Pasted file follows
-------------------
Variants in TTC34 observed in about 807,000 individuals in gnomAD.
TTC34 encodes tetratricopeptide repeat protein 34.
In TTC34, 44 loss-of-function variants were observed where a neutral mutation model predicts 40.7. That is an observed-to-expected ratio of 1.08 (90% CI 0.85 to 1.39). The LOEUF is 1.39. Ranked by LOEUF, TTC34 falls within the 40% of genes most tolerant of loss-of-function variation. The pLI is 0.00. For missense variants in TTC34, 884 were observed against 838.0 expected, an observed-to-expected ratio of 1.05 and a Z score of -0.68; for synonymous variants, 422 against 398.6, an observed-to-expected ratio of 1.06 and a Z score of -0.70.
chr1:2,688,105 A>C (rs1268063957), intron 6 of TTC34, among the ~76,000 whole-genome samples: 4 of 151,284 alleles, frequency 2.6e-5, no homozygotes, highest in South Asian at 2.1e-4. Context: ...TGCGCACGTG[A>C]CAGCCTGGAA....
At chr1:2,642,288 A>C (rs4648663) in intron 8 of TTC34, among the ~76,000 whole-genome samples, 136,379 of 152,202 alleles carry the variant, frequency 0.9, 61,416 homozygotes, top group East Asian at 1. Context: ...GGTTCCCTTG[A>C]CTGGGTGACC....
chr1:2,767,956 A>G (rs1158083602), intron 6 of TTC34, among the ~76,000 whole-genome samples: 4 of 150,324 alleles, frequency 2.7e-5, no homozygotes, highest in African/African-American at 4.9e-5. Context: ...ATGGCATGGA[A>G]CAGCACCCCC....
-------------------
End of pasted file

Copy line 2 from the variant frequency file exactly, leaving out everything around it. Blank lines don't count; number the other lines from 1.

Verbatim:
TTC34 encodes tetratricopeptide repeat protein 34.